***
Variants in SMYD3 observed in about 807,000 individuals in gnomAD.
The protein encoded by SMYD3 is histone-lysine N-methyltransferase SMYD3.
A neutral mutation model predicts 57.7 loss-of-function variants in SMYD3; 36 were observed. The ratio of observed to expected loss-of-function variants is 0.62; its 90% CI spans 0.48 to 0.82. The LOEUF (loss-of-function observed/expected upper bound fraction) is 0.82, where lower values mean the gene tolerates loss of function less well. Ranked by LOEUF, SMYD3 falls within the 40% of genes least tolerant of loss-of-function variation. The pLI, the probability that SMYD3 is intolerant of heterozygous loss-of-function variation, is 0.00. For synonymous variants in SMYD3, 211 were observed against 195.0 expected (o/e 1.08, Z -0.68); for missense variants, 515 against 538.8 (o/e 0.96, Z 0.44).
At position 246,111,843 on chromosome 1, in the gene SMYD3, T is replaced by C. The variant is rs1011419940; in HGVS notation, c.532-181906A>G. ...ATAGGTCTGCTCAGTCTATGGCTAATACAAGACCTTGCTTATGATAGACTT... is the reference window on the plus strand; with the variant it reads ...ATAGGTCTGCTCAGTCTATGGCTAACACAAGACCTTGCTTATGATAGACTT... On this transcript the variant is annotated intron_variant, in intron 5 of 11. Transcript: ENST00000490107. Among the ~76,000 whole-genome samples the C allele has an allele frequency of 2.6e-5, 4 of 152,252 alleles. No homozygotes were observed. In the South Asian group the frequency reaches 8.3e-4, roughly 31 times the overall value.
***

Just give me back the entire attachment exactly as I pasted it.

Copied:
Variants in SMYD3 observed in about 807,000 individuals in gnomAD.
The protein encoded by SMYD3 is histone-lysine N-methyltransferase SMYD3.
A neutral mutation model predicts 57.7 loss-of-function variants in SMYD3; 36 were observed. The ratio of observed to expected loss-of-function variants is 0.62; its 90% CI spans 0.48 to 0.82. The LOEUF (loss-of-function observed/expected upper bound fraction) is 0.82, where lower values mean the gene tolerates loss of function less well. Ranked by LOEUF, SMYD3 falls within the 40% of genes least tolerant of loss-of-function variation. The pLI, the probability that SMYD3 is intolerant of heterozygous loss-of-function variation, is 0.00. For synonymous variants in SMYD3, 211 were observed against 195.0 expected (o/e 1.08, Z -0.68); for missense variants, 515 against 538.8 (o/e 0.96, Z 0.44).
At position 246,111,843 on chromosome 1, in the gene SMYD3, T is replaced by C. The variant is rs1011419940; in HGVS notation, c.532-181906A>G. ...ATAGGTCTGCTCAGTCTATGGCTAATACAAGACCTTGCTTATGATAGACTT... is the reference window on the plus strand; with the variant it reads ...ATAGGTCTGCTCAGTCTATGGCTAACACAAGACCTTGCTTATGATAGACTT... On this transcript the variant is annotated intron_variant, in intron 5 of 11. Transcript: ENST00000490107. Among the ~76,000 whole-genome samples the C allele has an allele frequency of 2.6e-5, 4 of 152,252 alleles. No homozygotes were observed. In the South Asian group the frequency reaches 8.3e-4, roughly 31 times the overall value.